I wrote about in a previous BLOG called "What Gift Is This Person Giving Me." I find that having this genuine curiousness and encouragement for the speaker to continue leads me to be a better listener. And the speaker see's and hears my attentiveness.

This leads to the next attribute and that is to listen for understanding and not for responding. I had an team members from our camp leadership team who always picked the first few words in any conversation and immediately began over talking the other person. I have been guilty of this as well. It is truly a gift to the other person when you are present enough to hear their points and to use this skill. And it is a skill that you can learn when applying some simple steps.

1) Pay Attention – give your undivided attention.

2) Physically show that you are listening. (Bob Ditter, once shared that just a relaxed on leaning stance with young people was a huge indicator that you are listening.

3) When giving Feedback.. start with “what I hear you saying is…”

4) Respond without judgment.

I ask more questions in trying to learn more about the other person’s point of view. I have been fortunate to lead others and have others lead me as well. I wrote about this in a previous BLOG, "Is It Time yet?Essentially, listening to understand and learn from the other person. I know that I learn something from everyone that I have met.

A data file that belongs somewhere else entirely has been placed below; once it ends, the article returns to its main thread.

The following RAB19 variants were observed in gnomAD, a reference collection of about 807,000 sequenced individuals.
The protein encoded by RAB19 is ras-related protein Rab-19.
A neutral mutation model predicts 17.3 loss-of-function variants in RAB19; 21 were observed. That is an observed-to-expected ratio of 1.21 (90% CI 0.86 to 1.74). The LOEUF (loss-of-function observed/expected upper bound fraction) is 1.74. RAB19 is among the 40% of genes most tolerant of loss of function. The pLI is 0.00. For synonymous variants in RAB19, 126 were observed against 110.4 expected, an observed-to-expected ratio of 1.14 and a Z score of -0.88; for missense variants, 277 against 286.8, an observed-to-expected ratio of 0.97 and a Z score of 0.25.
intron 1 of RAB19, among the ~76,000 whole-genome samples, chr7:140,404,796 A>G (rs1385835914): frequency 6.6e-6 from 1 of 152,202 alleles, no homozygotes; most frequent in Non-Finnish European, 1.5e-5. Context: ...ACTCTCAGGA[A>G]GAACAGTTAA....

Having to be present when there are so many distractions for your attention and time. I schedule times for leadership check ins and more importantly, how we meet. Patrick Lencioni who wrote "Death By Meeting" suggested a Daily Check In that is a standing meeting. I have used it for well over 15 years and it is a great way to teach and lead the skills of listening and prioritizing. 

I prefer to use this after lunch and having the leadership team stand in a circle and go around and share their top three priorities that they are working on. Some might not have three and some might have more than three. Those who do, have to choose what their top three are. It forces them to determine what is the most important thing. The meeting is no longer than 10-12 minutes.

As folks go around the circle and share, it gives them each an opportunity to seek support and share where they may be struggling or where they can offer support to other team members.

My final suggestion is to "SHOW UP." Being present to other's is vital. What ever you have to do as a leader to show up every day; do those things. John Maxwell talks about The Law of Sacrifice: “A leader must give up to go up”. As the leader, you have to seek your support elsewhere. And you have to lead your folks and understand that there is a price to pay for your role as the leader. Listening and being present for others and often times having to expect that that is a one way skill as the leader. Yes, you have to get your team to hear you as well; however you may not be able to fill your bucket on the needs of your staff team.

Be Present - Be Here Now!

I know this BLOG has been very focused on Camp and my leadership has focused on those experiences. I wish all leaders a great summer season as well a success and influence throughout the year.

Please consider listening to the original Maxwell Executive Leadership Podcast at 10 Tips for Improving Your Ability to Listen.

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2010 - Leadership Curriculum and A Copy of a Fax of a Copy of A Fax of a co...

  Can you read this? A document that has been copied and faxed several times. In my work with summer camps and outdoor environmental educati...